It’s great when the market goes up, but a strong stock market can make investors nervous. Understandably, people worry that whatever goes up must come down, and a market reaching for new highs must be about to head south.
You’ve probably heard that you’re supposed to buy low, and you may have even trained yourself to see weak markets as a buying opportunity (well done!). So, what are you supposed to do when the markets just go up?
The answer, for most long-term investors, is probably “whatever you were doing before” — as long as you've been practicing smart investing.
But let’s clear this up early: Things could go horribly wrong this time, so see the disclaimer at the bottom and make your own decisions.
Ditching the Herd
"Contrarians" are investors who prefer to avoid herd mentality. When contrarians see everybody panicking like it’s 2008, they realize that this too shall pass, and they might even buy more stock. They may say “the stock market is on sale” or similar.
That’s often a good reflex — to not go with the herd — when it comes to investing.
Even when the markets go up, herd mentality can be dangerous. Investors in the tech boom (and every other bubble in history) eventually lost money. 1999 couldn’t last forever.
When emotions like irrational exuberance drive the market, it’s best to stay away. But it isn’t always the case that emotions are driving the markets. Sometimes, markets rise because stocks are worth more: Profits grow, and the long-term prospects of companies improve.
The market is supposed to go up over the long term. For decades, that’s primarily what it’s done — with plenty of crashes and head-fakes along the way. That bumpy road is the justification, or the price of admission, for those higher returns that we expect out of the stock market. We can’t expect to get high returns unless we’re putting money at risk.
Between 1995 and the end of 2015, the S&P 500 with dividends reinvested returned roughly 9.5% average annual returns. Of course, we never know what the future brings, and past performance offers no guarantee of future results. That “average annual” return includes years when investors suffered substantial losses and years when they did very well. There is probably not a single year in which the market returned exactly 9.5%.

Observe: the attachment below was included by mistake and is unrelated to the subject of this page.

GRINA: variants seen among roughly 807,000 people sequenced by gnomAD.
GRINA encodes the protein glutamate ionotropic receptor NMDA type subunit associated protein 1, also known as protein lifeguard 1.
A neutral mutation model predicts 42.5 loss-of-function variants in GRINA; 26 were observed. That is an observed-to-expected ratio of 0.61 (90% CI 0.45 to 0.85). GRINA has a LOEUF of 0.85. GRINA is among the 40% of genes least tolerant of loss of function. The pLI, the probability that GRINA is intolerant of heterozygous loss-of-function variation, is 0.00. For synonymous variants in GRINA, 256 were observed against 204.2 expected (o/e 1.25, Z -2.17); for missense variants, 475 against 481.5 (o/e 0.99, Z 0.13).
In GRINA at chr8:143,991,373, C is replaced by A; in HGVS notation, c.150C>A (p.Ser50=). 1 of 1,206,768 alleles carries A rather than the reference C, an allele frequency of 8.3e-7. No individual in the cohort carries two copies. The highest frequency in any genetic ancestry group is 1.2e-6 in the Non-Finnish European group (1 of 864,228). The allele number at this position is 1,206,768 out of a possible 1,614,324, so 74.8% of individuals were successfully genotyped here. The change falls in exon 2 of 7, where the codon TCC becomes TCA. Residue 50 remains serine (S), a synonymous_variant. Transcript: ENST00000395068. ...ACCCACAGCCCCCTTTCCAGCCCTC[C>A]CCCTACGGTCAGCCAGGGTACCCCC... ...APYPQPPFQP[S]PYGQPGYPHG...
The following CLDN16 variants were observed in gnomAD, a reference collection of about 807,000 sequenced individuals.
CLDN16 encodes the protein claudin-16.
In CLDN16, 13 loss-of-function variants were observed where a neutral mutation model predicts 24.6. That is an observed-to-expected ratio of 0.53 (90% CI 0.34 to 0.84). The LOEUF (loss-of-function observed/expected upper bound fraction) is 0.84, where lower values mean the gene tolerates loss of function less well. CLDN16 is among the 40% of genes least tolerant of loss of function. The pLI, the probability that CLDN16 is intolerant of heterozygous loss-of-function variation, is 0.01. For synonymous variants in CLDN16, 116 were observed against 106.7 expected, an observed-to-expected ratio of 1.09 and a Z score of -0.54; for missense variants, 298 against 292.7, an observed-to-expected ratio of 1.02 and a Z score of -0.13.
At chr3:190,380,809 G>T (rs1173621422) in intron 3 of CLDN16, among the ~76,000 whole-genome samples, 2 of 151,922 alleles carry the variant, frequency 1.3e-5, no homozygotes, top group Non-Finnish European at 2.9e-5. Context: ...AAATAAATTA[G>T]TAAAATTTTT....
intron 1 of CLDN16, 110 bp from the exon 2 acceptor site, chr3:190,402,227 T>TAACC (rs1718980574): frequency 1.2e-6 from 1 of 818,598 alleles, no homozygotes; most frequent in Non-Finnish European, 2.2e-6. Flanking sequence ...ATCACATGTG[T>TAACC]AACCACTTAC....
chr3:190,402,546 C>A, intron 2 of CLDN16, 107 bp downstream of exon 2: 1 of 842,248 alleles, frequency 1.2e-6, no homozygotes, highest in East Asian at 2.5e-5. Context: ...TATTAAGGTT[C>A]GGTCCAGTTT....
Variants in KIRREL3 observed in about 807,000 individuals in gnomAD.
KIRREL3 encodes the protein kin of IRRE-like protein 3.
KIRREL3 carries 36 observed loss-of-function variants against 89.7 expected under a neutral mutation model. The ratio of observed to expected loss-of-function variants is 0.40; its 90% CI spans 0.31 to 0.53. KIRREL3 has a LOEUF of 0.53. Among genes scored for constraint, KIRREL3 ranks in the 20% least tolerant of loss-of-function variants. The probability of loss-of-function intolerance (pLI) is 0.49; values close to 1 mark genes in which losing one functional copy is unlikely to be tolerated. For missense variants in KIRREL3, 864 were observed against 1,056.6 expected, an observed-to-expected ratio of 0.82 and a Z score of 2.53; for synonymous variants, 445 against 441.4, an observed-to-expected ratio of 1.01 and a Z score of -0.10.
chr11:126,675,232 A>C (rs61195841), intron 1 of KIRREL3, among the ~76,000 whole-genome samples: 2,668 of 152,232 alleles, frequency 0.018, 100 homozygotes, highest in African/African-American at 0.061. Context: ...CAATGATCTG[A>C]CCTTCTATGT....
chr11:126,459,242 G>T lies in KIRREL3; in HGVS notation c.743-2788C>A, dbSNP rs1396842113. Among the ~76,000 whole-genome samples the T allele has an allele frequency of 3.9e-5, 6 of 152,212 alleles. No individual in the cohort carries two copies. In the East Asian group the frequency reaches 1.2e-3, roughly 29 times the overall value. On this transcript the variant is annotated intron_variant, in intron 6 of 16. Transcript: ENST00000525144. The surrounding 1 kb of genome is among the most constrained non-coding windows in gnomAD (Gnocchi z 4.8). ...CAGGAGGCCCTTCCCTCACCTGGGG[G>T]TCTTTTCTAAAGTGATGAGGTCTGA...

Want to zoom in on the financial crisis? The market returned roughly 6.14% per year between September of 2007 (just before things got bad) and the end of 2015. Buying at that "peak" is better than a sharp stick in the eye, although the volatility in 2008 was a very unpleasant experience.
The questions to ask yourself are:
- Are you a long-term investor? Are you investing for a goal that’s 10 years or more in the future? If so,
- Do you believe that things will not fundamentally change (that is, do you think that the market will continue to go up more than it goes down in the future, that businesses will continue — for the most part — to innovate and grow)?
If you answer yes to both of those questions, you’re probably a long-term investor (and perhaps cautiously optimistic). So, how should you invest? Invest in the same way you would if you weren't paying attention to the markets.
This questionnaire might help you determine what level of risk is appropriate for you.
For long-term investors, it’s often best to ignore the ups and downs of the market. Instead, focus on your plan, and make sure that your money is well-diversified according to your risk tolerance. That’s it. Don’t worry about the market reaching new highs — it’s supposed to do that. The market can never be too high to invest if you expect continued expansion (and timing the dips is no small task).
If you’re a short-term trader, you’ve come to the wrong website for information, but there are some safe investments described below if you insist on investing differently when the market seems high.
For long-term investors, the best course is to continue investing according to your plan regardless of what the market does. You’re buying high this month, but the market might continue upward, and you’ve been buying low in other months. It should all come out in the wash.
What About a Lump Sum?
You might be on board with long-term thinking when it comes to small, monthly contributions to your retirement plan. But what about a large lump sum of money — an inheritance, your bonus, or proceeds from selling an asset?
Those one-off situations require careful consideration, but that doesn’t mean you should hold off on investing when markets have been rising.
Again, ask yourself the questions above. Next, do an honest assessment of how you would feel and react if the market fell immediately after you invested all of your money (nobody would appreciate that). With that information, make a strategy.
You don’t have to invest everything all at once — but it’s dangerous to try to time the market. Instead, make a plan and stick to it. Yes, that’s boring, and that’s how it’s supposed to be.
Let’s assume you have a lump sum of cash and: